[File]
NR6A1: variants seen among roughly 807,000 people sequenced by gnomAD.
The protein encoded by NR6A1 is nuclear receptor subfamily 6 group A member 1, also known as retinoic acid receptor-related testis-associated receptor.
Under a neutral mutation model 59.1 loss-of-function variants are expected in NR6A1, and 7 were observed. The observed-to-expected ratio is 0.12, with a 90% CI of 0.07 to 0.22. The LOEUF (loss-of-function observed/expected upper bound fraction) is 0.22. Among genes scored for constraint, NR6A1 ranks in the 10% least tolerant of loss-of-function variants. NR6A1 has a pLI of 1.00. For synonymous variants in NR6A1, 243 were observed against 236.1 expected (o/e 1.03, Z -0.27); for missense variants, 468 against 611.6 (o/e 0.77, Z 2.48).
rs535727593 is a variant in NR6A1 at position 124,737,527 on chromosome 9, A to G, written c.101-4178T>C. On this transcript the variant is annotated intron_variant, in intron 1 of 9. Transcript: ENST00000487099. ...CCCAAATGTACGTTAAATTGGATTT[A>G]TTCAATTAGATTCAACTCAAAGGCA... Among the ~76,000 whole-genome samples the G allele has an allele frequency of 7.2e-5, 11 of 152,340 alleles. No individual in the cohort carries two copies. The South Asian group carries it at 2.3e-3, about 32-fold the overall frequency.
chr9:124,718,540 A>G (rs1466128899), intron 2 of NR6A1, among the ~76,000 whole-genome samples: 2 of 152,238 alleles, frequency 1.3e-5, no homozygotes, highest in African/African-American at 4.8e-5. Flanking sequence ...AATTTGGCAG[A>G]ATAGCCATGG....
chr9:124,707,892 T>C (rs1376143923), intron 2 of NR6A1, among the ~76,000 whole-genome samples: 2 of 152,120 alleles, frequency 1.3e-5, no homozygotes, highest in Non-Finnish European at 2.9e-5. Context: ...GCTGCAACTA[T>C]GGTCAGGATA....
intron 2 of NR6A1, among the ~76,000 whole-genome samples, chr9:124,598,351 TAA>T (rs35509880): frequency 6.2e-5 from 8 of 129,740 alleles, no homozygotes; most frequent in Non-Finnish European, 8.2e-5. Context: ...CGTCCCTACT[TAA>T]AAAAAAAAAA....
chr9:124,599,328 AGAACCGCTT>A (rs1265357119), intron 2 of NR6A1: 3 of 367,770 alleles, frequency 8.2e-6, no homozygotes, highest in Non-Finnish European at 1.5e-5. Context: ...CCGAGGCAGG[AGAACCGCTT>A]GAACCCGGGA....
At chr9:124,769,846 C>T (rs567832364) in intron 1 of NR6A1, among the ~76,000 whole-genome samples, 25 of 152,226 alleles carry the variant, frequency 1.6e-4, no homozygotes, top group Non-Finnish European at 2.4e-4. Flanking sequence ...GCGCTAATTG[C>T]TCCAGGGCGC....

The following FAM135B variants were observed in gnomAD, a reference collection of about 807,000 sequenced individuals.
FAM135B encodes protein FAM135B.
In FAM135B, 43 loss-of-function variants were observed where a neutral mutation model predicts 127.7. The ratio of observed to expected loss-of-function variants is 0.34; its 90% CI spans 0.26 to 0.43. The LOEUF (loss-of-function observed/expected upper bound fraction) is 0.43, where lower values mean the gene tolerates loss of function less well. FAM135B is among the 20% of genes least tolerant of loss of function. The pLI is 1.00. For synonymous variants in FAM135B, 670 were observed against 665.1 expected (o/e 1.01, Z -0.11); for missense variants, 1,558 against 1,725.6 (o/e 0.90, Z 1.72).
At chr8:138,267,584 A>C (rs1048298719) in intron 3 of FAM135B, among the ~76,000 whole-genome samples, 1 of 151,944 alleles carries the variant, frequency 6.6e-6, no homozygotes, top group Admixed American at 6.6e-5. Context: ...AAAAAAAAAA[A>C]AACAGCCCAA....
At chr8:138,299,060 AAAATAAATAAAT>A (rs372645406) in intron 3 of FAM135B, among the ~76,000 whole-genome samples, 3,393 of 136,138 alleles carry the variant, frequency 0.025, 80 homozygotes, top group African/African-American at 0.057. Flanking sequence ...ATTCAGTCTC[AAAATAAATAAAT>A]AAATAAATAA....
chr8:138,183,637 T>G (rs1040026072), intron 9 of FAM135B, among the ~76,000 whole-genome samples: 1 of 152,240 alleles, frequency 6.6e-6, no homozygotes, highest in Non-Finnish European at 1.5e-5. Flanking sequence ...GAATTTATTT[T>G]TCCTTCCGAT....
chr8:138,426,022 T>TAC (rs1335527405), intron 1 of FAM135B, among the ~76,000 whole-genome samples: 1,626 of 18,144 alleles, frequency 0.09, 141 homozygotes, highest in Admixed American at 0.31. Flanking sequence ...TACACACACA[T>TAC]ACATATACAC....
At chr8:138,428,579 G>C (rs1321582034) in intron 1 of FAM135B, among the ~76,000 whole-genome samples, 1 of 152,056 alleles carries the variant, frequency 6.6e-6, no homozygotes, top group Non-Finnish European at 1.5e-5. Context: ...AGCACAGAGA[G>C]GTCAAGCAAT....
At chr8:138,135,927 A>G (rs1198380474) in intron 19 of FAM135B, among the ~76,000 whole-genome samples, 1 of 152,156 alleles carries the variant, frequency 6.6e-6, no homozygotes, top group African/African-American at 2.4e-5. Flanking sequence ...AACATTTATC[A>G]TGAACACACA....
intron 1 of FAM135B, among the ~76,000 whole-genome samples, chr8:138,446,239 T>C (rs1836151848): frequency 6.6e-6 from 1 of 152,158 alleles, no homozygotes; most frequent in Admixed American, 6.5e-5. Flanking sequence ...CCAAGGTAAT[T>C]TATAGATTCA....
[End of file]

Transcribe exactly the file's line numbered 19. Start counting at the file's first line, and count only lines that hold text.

intron 1 of FAM135B, among the ~76,000 whole-genome samples, chr8:138,446,239 T>C (rs1836151848): frequency 6.6e-6 from 1 of 152,158 alleles, no homozygotes; most frequent in Admixed American, 6.5e-5. Flanking sequence ...CCAAGGTAAT[T>C]TATAGATTCA....